Tibet and China ÃƒÆ’Ã¢â‚¬Å¡Ãƒâ€šÃ‚Â Two Distinct Nations:
29 May, 2002 A book by Dakpa Tender Bhailan about the status of Tibet between
128 BCE to 1959 CE was recently published in Dharamsala.
Dakpa Tender Bhailan was born in Dhagpo, Central Tibet. In 1956 he joined the
Tibetan civil service and served briefly at Tse Yigstang, the apex
ecclesiastical office of independent Tibet and at the Reform Committee and
Choejin Lekhung, the office responsible for the disbursement of government
grants to needy monastic students.
The book draws out the history of Tibet when it was independent and a
dominant cultural force in the region. It tells the tale of Tibet’s trials
and tribulations when she tried her best to cope with the changing global
scenario in the pre-war and post-war world.
It also recounts the horrendous story of Tibet’s destruction and death of
over a million Tibetans under Chinese occupation. It points out how the
Beijing rulers are attempting to convince the world that a population of
Buddhists, whose culture is based on the doctrine of non-violence and of
whom, under Chinese rule, many individuals have followed this path literally
to their deaths, are overwhelmingly grateful for their deliverance.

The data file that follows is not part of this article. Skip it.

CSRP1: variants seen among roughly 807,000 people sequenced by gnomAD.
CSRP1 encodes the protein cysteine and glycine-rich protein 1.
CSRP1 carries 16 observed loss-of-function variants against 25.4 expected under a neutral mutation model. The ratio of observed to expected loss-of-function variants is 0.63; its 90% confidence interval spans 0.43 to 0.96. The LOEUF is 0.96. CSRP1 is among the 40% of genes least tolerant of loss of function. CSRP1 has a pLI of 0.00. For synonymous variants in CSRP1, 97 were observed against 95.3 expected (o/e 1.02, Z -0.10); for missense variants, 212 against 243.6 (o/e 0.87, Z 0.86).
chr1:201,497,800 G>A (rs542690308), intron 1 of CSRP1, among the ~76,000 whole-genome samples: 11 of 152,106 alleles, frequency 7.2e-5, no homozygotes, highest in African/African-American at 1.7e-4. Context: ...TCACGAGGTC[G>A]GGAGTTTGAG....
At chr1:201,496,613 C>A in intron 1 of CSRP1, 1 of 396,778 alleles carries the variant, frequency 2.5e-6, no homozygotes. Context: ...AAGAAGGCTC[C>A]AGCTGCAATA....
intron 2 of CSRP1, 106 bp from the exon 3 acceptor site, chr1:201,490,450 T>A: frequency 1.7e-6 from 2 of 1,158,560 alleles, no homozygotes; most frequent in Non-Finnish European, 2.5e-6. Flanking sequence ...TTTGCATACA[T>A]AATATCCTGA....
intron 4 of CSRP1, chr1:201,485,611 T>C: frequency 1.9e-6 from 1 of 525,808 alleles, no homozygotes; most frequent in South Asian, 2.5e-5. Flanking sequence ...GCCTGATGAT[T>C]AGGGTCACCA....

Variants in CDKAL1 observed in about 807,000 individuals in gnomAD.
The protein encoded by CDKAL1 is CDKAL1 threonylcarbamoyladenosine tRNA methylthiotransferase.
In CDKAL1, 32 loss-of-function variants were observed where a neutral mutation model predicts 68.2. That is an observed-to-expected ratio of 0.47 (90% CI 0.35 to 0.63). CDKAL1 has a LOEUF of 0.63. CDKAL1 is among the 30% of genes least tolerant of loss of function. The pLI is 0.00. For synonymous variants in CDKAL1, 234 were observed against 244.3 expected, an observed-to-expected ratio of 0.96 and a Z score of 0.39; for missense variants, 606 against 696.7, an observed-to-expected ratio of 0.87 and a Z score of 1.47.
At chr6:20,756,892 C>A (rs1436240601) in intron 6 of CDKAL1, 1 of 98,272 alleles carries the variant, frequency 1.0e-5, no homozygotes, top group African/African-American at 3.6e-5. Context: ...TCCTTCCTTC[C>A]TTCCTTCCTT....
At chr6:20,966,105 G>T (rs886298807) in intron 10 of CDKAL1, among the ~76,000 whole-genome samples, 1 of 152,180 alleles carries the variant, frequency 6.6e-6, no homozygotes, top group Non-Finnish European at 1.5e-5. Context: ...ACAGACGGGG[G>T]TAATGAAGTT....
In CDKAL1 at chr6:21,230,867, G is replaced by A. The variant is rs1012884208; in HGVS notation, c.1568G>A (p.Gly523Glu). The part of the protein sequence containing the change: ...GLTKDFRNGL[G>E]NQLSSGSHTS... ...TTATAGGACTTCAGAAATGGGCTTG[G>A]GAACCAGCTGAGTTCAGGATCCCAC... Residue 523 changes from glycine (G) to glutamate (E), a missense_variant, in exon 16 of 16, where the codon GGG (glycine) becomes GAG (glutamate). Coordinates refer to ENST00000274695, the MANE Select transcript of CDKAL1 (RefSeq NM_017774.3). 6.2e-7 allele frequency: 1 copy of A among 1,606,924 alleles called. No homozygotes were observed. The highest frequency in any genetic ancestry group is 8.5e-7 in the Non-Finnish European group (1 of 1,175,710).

Tender worked as one of the editorial staff of Tibetan Freedom, a weekly
newspaper in Tibetan language in Darjeeling. After seven years, he moved to
Dharamsala and was its reporter 17 years. In the meanwhile he also served at
the Kashag (Cabinet) Secretariat, documenting the reports of Dharamsala’s
fact-finding delegations to Tibet.
He later joined the Department of Information and International Relations,
and served as additional secretary for seven years, putting together an
enormous amount of materials on various aspects of Tibet.
He then joined the Library of Tibetan Works and Archives on his retirement
from the Tibetan government job, transcribing His Holiness the Dalai Lama’s
spiritual teachings for about 11 years.
|Download PDF copy here|
Avalokitesvara’s prayer Historical Buddha’s prophecy
Genesis of Tibetan race
Tibet-China treaties on stone pillars Misinterpretation of the treaty texts
Rebuttal of the claims in the White Paper
Government of Tibet reestablished legal codes and signed international
Objective observers throughout the world acknowledge that Tibet was an
independent country invaded illegally by China
China invaded Tibet
Tibetan government refused to change the national flag
It refused to accept the “17-point Agreement”
Tibetan people launched resistance movement
The events of 1959, and the repression, plunder and destruction till 1980
The world must pay attention to the Chinese action in Tibet
Tibet’s historical contribution to peace and non-violence in China